The recent dismissal of an urgent application by Mark Lifman and his associates to hold on to their assets clearly demonstrates the perils of being passive in dealing with SARS, says Business Day journalist Amanda Visser.

She says Lifman and his associates ‘made no attempt to initiate any of the dispute resolution procedures provided for in the Tax Administration Act against this assessment or any other subsequent assessment that made up the total amount. No payment was made either.’

Western Cape High Court Judge Elizabeth Baartman noted that because no attempt was made to use the dispute mechanism, the assessments remain final.

The judge found that since Lifman and his associates did not lodge an objection, they could not ask for an extension.

Instead, it seems the initial dissatisfaction was about treatment received (by SARS) which the applicants have belatedly and opportunistically sought to raise to an objection against the assessments. That is not permissible,’ the judge found.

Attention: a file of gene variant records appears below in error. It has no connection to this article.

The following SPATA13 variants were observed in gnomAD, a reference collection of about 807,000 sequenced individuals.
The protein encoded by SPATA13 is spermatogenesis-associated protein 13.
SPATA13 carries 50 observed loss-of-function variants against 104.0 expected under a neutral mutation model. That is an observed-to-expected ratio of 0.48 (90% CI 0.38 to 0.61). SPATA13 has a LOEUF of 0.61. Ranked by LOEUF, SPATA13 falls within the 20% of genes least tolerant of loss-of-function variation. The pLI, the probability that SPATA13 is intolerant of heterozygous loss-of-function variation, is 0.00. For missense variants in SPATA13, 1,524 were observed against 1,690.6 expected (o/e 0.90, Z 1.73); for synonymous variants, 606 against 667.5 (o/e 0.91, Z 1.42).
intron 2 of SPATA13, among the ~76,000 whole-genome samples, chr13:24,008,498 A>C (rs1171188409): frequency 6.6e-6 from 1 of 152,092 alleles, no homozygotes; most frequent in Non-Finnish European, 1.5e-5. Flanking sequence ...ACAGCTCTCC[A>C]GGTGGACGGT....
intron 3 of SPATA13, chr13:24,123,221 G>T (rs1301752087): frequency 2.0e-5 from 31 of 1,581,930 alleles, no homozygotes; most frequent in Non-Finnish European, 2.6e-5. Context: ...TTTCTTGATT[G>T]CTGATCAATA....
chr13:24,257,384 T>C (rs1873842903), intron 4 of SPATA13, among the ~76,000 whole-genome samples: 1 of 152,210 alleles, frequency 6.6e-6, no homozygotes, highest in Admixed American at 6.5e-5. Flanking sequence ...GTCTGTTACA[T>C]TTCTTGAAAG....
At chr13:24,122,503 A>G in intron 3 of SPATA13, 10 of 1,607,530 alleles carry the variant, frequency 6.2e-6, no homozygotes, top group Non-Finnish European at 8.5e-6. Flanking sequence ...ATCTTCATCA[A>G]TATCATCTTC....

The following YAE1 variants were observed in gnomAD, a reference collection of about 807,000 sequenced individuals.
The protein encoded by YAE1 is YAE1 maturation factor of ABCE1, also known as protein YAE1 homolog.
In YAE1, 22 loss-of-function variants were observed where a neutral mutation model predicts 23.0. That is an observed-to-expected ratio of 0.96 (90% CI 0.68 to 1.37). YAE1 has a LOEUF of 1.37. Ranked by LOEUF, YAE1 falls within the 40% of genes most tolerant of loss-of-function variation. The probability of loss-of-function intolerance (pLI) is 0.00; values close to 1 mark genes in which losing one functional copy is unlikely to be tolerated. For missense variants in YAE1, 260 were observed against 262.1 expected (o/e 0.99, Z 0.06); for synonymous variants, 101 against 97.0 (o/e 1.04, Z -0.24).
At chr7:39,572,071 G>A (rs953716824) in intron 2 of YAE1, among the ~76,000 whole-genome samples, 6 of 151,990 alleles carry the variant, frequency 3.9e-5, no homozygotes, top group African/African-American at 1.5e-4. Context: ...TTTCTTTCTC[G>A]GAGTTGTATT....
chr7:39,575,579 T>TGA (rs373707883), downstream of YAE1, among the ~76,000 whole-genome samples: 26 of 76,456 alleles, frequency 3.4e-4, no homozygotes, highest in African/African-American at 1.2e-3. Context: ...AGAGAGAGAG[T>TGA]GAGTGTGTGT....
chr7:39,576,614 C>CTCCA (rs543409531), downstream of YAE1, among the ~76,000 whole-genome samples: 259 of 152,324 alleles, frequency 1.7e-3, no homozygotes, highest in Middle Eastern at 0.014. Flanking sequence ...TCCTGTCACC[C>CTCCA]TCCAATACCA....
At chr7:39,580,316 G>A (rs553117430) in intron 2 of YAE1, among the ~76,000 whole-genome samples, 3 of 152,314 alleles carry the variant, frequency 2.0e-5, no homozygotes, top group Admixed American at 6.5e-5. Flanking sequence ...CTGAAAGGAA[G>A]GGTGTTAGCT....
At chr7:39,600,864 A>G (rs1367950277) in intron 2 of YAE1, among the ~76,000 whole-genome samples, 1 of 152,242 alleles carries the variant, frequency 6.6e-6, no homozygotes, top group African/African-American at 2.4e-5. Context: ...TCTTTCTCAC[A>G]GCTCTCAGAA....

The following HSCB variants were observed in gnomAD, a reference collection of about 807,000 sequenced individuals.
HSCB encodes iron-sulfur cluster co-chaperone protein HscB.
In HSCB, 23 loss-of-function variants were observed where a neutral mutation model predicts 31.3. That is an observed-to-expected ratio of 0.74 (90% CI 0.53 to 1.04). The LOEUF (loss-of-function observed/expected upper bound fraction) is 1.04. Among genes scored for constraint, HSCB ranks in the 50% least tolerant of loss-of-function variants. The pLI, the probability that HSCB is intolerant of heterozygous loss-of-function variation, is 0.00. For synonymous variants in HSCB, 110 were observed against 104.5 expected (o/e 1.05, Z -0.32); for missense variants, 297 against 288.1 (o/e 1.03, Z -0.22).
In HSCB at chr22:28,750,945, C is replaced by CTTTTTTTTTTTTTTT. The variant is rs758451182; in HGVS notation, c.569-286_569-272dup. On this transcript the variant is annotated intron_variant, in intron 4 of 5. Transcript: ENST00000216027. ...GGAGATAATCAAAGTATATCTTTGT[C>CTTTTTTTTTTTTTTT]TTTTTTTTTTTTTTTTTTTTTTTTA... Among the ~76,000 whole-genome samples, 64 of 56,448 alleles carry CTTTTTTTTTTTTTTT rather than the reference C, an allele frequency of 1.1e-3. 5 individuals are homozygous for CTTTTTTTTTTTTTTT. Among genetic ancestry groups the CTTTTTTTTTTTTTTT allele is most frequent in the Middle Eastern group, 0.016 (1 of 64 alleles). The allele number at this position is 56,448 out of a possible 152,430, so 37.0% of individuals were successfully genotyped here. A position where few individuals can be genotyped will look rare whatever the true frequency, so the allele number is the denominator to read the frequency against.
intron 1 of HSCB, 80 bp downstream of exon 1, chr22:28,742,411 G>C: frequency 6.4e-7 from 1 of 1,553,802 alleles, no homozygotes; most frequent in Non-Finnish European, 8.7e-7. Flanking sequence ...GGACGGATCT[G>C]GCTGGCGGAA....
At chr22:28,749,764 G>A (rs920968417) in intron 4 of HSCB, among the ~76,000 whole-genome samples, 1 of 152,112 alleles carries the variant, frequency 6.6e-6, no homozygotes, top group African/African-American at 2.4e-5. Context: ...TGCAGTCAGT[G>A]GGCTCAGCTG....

Visser notes that SARS has 60 days to deliver a decision whether to allow, disallow or partially allow an objection.

Taxpayers must appeal SARS’ decision to disallow or partially allow the objection within 30 days and have little room for an extension. They can approach the courts to ask for an extension, but this can become a protracted and costly endeavour.

Says Visser: ‘Taxpayers have to submit a request for the suspension of payment with their objection. In terms of the pay-now-argue-later provision in the Act, SARS may proceed with its collection action if no request for the suspension of payment has been made.

Full analysis in Business Day